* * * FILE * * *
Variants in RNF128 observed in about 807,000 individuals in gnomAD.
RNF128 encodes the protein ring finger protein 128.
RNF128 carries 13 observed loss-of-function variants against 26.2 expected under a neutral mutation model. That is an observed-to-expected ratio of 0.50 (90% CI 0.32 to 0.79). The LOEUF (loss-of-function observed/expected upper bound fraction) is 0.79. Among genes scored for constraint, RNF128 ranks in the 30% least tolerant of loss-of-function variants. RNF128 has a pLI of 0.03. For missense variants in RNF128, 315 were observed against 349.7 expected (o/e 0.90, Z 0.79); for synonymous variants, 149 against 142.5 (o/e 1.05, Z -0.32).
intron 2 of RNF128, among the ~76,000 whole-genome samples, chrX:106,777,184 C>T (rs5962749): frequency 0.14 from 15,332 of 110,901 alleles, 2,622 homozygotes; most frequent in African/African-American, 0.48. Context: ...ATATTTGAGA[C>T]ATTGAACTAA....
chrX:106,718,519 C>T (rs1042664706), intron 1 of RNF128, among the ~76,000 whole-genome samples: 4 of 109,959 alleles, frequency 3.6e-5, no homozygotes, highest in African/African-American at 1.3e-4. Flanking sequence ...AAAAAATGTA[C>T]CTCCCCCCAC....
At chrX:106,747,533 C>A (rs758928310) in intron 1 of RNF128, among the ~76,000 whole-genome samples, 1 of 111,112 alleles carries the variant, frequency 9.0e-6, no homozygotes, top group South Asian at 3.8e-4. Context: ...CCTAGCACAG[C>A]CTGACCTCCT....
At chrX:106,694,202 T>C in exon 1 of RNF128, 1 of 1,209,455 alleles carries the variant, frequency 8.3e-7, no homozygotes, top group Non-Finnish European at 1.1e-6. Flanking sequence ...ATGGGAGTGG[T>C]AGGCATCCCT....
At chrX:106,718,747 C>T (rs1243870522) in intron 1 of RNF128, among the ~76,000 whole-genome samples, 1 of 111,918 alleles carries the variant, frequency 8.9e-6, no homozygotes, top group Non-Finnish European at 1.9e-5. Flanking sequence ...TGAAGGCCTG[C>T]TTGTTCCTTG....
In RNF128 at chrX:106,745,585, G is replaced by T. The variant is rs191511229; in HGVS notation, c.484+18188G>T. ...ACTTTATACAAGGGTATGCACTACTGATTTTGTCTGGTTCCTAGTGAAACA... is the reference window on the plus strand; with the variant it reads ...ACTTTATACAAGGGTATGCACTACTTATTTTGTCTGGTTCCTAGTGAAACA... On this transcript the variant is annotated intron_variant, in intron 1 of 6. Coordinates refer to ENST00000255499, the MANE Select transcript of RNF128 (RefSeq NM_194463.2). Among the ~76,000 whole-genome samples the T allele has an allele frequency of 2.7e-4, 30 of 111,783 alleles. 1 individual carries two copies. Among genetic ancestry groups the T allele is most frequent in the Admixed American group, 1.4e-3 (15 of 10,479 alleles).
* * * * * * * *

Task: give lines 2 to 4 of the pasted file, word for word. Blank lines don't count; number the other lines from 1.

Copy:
RNF128 encodes the protein ring finger protein 128.
RNF128 carries 13 observed loss-of-function variants against 26.2 expected under a neutral mutation model. That is an observed-to-expected ratio of 0.50 (90% CI 0.32 to 0.79). The LOEUF (loss-of-function observed/expected upper bound fraction) is 0.79. Among genes scored for constraint, RNF128 ranks in the 30% least tolerant of loss-of-function variants. RNF128 has a pLI of 0.03. For missense variants in RNF128, 315 were observed against 349.7 expected (o/e 0.90, Z 0.79); for synonymous variants, 149 against 142.5 (o/e 1.05, Z -0.32).
intron 2 of RNF128, among the ~76,000 whole-genome samples, chrX:106,777,184 C>T (rs5962749): frequency 0.14 from 15,332 of 110,901 alleles, 2,622 homozygotes; most frequent in African/African-American, 0.48. Context: ...ATATTTGAGA[C>T]ATTGAACTAA....